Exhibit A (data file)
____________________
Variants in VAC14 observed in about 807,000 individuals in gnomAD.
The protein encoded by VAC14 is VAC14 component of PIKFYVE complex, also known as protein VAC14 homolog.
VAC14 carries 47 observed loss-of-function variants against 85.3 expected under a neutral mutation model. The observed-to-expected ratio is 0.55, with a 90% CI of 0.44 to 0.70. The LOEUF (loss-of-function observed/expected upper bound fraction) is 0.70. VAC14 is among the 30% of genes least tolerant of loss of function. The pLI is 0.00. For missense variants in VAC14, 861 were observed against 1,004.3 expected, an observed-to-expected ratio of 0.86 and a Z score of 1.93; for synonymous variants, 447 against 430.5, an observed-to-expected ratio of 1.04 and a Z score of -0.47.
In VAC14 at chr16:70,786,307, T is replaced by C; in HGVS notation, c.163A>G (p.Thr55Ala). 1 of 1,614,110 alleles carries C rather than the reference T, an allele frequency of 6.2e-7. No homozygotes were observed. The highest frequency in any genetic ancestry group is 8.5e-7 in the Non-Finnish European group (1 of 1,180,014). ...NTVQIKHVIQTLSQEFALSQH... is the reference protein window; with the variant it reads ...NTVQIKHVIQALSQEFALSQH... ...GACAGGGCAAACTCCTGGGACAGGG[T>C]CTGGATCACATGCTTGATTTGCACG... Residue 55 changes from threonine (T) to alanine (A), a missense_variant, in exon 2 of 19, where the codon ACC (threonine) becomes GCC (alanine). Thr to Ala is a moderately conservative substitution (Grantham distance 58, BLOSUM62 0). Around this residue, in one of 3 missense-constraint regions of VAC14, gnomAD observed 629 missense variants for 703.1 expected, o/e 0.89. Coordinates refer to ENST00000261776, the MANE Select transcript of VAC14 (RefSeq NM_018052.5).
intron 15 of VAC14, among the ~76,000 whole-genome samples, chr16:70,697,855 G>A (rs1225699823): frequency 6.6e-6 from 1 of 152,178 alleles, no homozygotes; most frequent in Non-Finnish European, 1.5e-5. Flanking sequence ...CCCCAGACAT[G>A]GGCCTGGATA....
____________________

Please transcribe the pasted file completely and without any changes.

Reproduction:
Variants in VAC14 observed in about 807,000 individuals in gnomAD.
The protein encoded by VAC14 is VAC14 component of PIKFYVE complex, also known as protein VAC14 homolog.
VAC14 carries 47 observed loss-of-function variants against 85.3 expected under a neutral mutation model. The observed-to-expected ratio is 0.55, with a 90% CI of 0.44 to 0.70. The LOEUF (loss-of-function observed/expected upper bound fraction) is 0.70. VAC14 is among the 30% of genes least tolerant of loss of function. The pLI is 0.00. For missense variants in VAC14, 861 were observed against 1,004.3 expected, an observed-to-expected ratio of 0.86 and a Z score of 1.93; for synonymous variants, 447 against 430.5, an observed-to-expected ratio of 1.04 and a Z score of -0.47.
In VAC14 at chr16:70,786,307, T is replaced by C; in HGVS notation, c.163A>G (p.Thr55Ala). 1 of 1,614,110 alleles carries C rather than the reference T, an allele frequency of 6.2e-7. No homozygotes were observed. The highest frequency in any genetic ancestry group is 8.5e-7 in the Non-Finnish European group (1 of 1,180,014). ...NTVQIKHVIQTLSQEFALSQH... is the reference protein window; with the variant it reads ...NTVQIKHVIQALSQEFALSQH... ...GACAGGGCAAACTCCTGGGACAGGG[T>C]CTGGATCACATGCTTGATTTGCACG... Residue 55 changes from threonine (T) to alanine (A), a missense_variant, in exon 2 of 19, where the codon ACC (threonine) becomes GCC (alanine). Thr to Ala is a moderately conservative substitution (Grantham distance 58, BLOSUM62 0). Around this residue, in one of 3 missense-constraint regions of VAC14, gnomAD observed 629 missense variants for 703.1 expected, o/e 0.89. Coordinates refer to ENST00000261776, the MANE Select transcript of VAC14 (RefSeq NM_018052.5).
intron 15 of VAC14, among the ~76,000 whole-genome samples, chr16:70,697,855 G>A (rs1225699823): frequency 6.6e-6 from 1 of 152,178 alleles, no homozygotes; most frequent in Non-Finnish European, 1.5e-5. Flanking sequence ...CCCCAGACAT[G>A]GGCCTGGATA....